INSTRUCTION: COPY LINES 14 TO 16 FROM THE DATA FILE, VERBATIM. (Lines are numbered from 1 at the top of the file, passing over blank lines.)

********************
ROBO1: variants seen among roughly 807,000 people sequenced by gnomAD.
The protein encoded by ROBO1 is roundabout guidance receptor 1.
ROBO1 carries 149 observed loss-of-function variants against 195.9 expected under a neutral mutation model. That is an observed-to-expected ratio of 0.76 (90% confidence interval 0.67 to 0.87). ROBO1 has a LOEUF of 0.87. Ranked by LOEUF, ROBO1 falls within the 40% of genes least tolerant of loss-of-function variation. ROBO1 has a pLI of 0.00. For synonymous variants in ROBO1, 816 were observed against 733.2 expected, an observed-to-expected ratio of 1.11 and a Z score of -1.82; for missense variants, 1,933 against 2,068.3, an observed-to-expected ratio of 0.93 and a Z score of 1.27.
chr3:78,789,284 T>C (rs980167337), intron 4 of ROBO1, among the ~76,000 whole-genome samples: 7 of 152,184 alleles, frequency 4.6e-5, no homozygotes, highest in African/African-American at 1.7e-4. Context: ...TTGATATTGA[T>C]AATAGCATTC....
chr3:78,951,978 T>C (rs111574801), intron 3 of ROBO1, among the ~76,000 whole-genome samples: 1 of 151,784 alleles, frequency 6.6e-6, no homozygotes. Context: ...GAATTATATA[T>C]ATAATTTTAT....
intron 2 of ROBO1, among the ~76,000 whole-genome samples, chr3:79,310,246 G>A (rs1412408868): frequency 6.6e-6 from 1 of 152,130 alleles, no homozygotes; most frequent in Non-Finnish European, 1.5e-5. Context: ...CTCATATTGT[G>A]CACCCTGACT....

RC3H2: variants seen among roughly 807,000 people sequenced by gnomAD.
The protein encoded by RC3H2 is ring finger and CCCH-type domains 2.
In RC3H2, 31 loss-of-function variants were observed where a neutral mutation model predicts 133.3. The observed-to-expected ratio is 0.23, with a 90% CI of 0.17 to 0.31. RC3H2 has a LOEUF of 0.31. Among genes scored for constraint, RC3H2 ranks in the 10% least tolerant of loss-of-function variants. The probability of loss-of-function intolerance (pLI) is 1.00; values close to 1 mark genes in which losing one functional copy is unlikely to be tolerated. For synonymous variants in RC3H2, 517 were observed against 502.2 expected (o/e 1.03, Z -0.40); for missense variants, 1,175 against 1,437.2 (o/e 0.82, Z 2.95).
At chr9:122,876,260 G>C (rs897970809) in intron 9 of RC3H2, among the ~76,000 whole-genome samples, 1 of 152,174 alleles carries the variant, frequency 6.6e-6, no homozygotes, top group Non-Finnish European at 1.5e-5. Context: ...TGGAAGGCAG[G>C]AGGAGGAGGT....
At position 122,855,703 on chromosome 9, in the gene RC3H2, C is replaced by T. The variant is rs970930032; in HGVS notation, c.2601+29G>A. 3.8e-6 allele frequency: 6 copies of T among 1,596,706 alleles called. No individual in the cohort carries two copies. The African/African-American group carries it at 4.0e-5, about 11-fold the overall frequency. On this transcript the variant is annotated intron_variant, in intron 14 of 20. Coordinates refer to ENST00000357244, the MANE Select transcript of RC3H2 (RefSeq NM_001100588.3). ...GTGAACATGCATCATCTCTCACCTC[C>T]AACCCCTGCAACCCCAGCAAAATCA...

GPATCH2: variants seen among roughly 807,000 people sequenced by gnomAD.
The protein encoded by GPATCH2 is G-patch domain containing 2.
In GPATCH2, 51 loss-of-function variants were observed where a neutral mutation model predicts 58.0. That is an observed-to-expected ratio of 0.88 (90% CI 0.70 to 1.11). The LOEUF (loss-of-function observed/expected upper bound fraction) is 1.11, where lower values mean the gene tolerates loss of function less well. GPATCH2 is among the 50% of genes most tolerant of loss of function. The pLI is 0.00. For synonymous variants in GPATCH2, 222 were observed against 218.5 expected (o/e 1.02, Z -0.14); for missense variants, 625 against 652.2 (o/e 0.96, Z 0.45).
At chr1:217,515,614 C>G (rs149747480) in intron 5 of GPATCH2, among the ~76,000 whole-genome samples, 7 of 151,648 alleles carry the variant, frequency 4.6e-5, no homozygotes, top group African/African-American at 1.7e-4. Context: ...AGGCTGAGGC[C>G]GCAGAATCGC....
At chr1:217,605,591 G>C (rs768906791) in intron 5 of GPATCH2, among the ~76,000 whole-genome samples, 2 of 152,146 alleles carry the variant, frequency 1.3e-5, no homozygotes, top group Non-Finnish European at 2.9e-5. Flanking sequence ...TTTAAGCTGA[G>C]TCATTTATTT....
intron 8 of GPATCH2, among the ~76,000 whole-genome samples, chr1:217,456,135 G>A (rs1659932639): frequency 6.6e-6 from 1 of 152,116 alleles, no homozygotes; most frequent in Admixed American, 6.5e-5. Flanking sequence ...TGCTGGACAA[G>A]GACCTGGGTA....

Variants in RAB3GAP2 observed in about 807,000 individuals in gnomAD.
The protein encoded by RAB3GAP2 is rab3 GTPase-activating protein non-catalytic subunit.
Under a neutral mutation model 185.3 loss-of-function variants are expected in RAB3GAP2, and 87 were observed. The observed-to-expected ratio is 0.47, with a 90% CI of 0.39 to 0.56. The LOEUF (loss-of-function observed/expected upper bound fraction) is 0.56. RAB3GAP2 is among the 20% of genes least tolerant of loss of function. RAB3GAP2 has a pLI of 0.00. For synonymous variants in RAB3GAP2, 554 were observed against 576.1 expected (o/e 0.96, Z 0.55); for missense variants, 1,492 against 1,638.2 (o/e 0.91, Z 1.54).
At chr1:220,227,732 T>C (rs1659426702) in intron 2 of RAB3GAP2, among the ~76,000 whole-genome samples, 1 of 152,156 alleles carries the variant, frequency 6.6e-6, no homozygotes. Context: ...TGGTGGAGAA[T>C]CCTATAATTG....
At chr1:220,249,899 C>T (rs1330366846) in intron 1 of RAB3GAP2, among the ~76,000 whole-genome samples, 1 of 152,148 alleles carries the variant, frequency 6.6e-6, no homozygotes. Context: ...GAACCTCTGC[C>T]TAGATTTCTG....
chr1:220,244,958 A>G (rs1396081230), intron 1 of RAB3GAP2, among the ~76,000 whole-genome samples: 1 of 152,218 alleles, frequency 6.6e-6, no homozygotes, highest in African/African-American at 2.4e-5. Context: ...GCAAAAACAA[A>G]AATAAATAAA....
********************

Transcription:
In GPATCH2, 51 loss-of-function variants were observed where a neutral mutation model predicts 58.0. That is an observed-to-expected ratio of 0.88 (90% CI 0.70 to 1.11). The LOEUF (loss-of-function observed/expected upper bound fraction) is 1.11, where lower values mean the gene tolerates loss of function less well. GPATCH2 is among the 50% of genes most tolerant of loss of function. The pLI is 0.00. For synonymous variants in GPATCH2, 222 were observed against 218.5 expected (o/e 1.02, Z -0.14); for missense variants, 625 against 652.2 (o/e 0.96, Z 0.45).
At chr1:217,515,614 C>G (rs149747480) in intron 5 of GPATCH2, among the ~76,000 whole-genome samples, 7 of 151,648 alleles carry the variant, frequency 4.6e-5, no homozygotes, top group African/African-American at 1.7e-4. Context: ...AGGCTGAGGC[C>G]GCAGAATCGC....
At chr1:217,605,591 G>C (rs768906791) in intron 5 of GPATCH2, among the ~76,000 whole-genome samples, 2 of 152,146 alleles carry the variant, frequency 1.3e-5, no homozygotes, top group Non-Finnish European at 2.9e-5. Flanking sequence ...TTTAAGCTGA[G>C]TCATTTATTT....